Outside of educating people who walk into gyms, how is Anytime Fitness perpetuating a more general fitness culture in the Chinese public?
In so many ways. By holding classes that are free in the streets or in community areas, by providing wellness packages or offers to businesses. We don’t necessarily believe fitness has to happen inside the gym. It could happen anywhere there is an area to move or run. Some of the challenges though, in doing outside exercises as I see it these days in China, particularly in certain markets like Beijing, is that the air quality is sometimes not what you want it to be in order to get your wellness. I’ve personally run in the streets of Beijing, and I find that very difficult. And so that’s where we get some challenges making initiatives happen outside, because air quality sometimes tends to be very poor. We also do as much community outreach that works with other third parties, be they social community events or corporate, and we try to get them to learn more by them getting exposed to it and then hopefully coming to our gym — where we have greater control, again, over particular things such as air quality, where we have air purifiers and so on. But something as simple as air quality prevents you from doing a lot of the work you want to do, to move and exercise in the streets. You almost have to look for an alternative to doing activity outside.
Would you say that might be one of the main obstacles in why China might be a little slow to embracing fitness culture?
There’s just a general lack of understanding of the value of it all. It’s not inextricably linked to one thing or another. It’s actually quite scary what we’ve seen and what’s been reported in the media. 300 million Chinese are obese, one-third of its youth are seriously overweight. And prevalence of Crohn’s disease in China has risen ninefold in one generation, far faster than the rest of the world. So this is a cause for alarm. Considering the number of gyms, 2670 to be exact, it’s nothing compared to the population of mainland China. So there is going to be or we’ve already realized a tipping point. Compared to the US, the US has 19.3 percent penetration rate of gym-goers. China has 0.4. Decisive action needs to be taken to reverse this trend because it’s only getting worse.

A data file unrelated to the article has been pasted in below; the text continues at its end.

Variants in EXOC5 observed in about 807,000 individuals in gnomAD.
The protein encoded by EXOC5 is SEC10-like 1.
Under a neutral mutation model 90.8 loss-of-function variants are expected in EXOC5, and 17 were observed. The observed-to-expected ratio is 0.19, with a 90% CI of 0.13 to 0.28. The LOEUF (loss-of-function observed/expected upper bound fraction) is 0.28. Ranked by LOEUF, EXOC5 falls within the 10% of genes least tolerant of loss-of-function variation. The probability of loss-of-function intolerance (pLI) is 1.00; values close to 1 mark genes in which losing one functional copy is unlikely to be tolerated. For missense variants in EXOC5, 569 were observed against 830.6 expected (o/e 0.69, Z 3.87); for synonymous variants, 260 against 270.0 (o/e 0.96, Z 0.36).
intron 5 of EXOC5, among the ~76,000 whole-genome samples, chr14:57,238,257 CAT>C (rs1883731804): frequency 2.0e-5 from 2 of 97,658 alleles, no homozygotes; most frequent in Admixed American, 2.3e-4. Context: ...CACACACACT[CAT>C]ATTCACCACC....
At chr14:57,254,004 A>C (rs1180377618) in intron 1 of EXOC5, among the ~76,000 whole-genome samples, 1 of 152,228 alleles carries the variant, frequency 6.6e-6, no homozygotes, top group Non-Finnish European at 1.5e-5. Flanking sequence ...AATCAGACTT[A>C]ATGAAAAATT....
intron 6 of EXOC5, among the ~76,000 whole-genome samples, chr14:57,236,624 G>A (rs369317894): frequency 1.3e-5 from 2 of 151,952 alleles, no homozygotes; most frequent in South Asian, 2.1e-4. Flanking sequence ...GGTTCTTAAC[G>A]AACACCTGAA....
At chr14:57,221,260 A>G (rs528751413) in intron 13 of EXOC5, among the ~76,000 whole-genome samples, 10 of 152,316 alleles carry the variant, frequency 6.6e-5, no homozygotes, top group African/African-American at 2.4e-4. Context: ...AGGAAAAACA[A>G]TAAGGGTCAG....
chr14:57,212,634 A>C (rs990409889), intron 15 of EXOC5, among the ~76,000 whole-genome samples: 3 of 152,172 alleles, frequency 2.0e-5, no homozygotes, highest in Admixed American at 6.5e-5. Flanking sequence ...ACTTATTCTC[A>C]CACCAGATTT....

What demographics might be most resistant or hard to educate on the importance of fitness?
I think this is generally the case, the elder population is the most challenging. I think the young audience, millennials and such, they kind of get it pretty quick. They love to come to the gym, take selfies and make it social, which is great. But the older generation I would say, 50+, 60+ and so on, either male or female — there is no skew in that department, for those audiences, because they’ve developed their own habits, and they’ve done that over their lifetime, that’s hard to break. It is harder to get the aunties and the uncles to the gym, frankly, and to have them stay with it and change their dietary habits. We also have to recount the fact that we’re speaking about fitness, but if there’s not a combination of movement, exercise and diet… it’s very hard to break some of the diets that do not help the audience. To change your life at an older age, as it relates to eating habits and movement habits, is very challenging. But at the same time, when in China, when you’re in the parks, you see something – absolutely beautiful – many do taichi in the park. That movement is glorious.